The fact is, in a light aircraft in an uncontrolled airport traffic pattern in VFR conditions, you need to pretty much ignore the VASI/PAPI lights.
In my opinion a lot of the bad habits we are talking about at non-towered airports come from those of us who fly at airports with towers.
"Make right traffic"? Check
"Report on a 2 mile left base"? Check
"Enter on the downwind"? Check
"Depart on the upwind leg"? Yep
"Make straight in. Report on a 2 mile final" All day long
See the scope creep? As instructors we don't do a good job of pounding on the differences between towered and non-towered arrivals and departures. Radio calls? Sure, we teach that. And we do a pretty good job of coaching students on what instructions the tower might issue us depending on the direction we're approaching the airport from (for example, I can say I have NEVER been issued a teardrop entry at a towered airport).
We also do a poor job of explaining why it's okay for some guy to call six miles straight in over some mysterious waypoint we hear on the radio but it's not on our sectionals. At towered airports we can just mind our own business and follow instructions but at a non-towered airport many pilots think a King Air on a 6 mile straight in is just being an a**. I can remember being a complete cherry working the pattern and doing some go arounds. The plane on final called a "missed approach" and was given instructions, so I asked my instructor if I should be doing the same. He looked at me like my hair was on fire and said "no, that's an instrument thing". At first he said "they'll figure it out", but then later taught me the aviate, navigate, communicate thing and how I might have the bandwidth to key the mic and say "going around" after I have positive rate on that last notch of flaps.
Size of the traffic patterns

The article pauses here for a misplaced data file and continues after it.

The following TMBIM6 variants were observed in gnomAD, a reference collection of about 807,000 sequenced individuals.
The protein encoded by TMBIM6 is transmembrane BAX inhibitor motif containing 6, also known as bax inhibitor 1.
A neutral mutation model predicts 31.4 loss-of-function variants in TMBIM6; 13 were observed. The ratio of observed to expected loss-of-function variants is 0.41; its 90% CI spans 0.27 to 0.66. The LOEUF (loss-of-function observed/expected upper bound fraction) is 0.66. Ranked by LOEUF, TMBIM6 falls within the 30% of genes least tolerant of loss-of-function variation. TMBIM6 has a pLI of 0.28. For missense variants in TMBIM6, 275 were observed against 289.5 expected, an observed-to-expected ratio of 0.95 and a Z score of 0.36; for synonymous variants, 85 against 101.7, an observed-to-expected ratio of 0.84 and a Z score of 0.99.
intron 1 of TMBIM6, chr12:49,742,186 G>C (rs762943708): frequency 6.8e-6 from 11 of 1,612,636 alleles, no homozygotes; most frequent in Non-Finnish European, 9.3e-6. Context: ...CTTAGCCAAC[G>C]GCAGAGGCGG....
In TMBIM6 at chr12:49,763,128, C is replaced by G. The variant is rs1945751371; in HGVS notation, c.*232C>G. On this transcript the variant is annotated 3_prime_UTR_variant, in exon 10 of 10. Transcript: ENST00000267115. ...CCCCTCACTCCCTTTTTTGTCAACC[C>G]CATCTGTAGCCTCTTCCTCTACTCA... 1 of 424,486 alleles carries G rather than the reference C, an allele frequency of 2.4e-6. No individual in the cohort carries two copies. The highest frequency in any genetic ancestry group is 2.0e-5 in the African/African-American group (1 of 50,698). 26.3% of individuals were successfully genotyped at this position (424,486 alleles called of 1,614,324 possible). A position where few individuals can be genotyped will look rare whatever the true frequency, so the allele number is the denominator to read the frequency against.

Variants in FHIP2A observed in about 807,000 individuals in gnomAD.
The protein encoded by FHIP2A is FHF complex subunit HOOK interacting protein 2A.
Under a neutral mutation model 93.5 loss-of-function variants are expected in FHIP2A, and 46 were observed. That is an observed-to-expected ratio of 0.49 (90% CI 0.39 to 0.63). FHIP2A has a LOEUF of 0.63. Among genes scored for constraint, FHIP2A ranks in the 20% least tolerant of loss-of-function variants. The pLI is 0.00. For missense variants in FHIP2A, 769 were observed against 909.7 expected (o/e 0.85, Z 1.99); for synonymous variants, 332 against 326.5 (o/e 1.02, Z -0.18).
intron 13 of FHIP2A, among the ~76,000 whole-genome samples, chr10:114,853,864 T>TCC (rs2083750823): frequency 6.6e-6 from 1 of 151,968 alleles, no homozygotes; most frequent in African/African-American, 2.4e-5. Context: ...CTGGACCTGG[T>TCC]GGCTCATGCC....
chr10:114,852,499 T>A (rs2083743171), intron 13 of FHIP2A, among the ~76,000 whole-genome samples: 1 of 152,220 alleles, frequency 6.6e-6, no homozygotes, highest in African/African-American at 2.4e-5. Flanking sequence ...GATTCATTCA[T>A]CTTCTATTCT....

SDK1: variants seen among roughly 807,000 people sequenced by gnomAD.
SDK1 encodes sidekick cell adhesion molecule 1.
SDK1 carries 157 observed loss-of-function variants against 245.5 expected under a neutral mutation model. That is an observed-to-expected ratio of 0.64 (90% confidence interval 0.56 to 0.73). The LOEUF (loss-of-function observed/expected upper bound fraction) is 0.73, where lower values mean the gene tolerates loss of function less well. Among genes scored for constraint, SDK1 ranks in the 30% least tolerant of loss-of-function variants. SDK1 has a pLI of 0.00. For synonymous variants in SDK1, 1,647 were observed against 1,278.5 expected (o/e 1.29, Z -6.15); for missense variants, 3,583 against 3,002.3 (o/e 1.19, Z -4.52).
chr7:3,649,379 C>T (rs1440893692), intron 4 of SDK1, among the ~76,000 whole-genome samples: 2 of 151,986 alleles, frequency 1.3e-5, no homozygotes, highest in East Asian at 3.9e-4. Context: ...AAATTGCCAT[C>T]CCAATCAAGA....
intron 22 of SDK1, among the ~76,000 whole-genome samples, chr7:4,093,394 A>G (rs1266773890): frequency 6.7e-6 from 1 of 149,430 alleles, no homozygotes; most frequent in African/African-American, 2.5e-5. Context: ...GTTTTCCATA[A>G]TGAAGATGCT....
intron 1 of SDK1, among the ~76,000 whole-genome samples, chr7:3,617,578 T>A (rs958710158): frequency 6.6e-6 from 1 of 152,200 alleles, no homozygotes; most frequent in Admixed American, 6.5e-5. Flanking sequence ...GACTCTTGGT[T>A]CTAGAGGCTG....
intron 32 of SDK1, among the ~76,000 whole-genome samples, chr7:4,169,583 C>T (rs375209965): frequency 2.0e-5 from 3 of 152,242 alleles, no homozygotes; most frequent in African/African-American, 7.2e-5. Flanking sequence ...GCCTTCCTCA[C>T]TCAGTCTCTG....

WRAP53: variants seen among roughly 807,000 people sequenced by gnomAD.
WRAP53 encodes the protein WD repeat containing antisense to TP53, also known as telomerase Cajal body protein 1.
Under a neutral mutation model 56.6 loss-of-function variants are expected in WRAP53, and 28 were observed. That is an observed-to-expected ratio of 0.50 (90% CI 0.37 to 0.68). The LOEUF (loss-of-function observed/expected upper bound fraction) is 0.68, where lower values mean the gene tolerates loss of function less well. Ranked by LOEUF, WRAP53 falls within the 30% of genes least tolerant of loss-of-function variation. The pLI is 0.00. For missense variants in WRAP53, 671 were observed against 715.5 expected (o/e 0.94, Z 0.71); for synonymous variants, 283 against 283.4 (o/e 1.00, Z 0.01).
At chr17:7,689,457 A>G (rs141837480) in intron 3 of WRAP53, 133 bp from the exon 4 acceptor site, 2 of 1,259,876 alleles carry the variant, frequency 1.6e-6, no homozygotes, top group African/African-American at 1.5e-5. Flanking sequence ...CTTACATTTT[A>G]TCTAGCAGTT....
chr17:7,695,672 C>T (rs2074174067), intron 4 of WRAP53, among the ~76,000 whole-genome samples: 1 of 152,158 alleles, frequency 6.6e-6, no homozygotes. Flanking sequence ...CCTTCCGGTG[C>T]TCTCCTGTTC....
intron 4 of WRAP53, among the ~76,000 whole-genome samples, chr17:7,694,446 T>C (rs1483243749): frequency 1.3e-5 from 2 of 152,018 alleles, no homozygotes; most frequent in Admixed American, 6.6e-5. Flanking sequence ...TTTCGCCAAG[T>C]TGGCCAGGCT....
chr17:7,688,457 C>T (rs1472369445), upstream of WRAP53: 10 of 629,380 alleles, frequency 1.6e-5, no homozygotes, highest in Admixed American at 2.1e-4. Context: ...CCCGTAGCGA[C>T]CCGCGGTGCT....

Different subject than direction of arrival and comms, but you struck on my major pet peeve. At my airport we have one large mom & pop FBO and an ATP school. All of us not wearing epaulets joke about the 2 mile wide patterns flown by ATP pilot candidates. They're seriously in another county when they turn base. The FBO isn't much better. Look, we were all students at one point and we all sucked at flying the pattern. I was taught to put the runway through the middle of my wing strut at 1000' AGL and turn base when the numbers were 45 degrees behind me. Of course I was task saturated and that seemed like a lofty goal in the early days.
But if you're working on your commercial rating you should be able to keep it "high and tight" and stay within slam dunk gliding range should the fan quit. We don't get that from ATP or most of those other FBO products.
Here's a historic tidbit that most modern pilots would freak out over: Back in the day, the standard traffic pattern for a DC-3 was 800' and a 1/4 mile out on downwind. A tight pattern was 600' and 1/8 mile. I could fly a 600' 1/8 mile pattern in my Citabria no problem, but the T-6? My seat cushion would need a real good ironing to get the crease out.
We've pussified pilots to be scared of 20 degrees of bank, we teach canned stall procedures that have NOTHING to do with the stalls the actually kill people - and the ACS has made it worse. People now use the expression "stick and rudder flying" like it's an add on skill.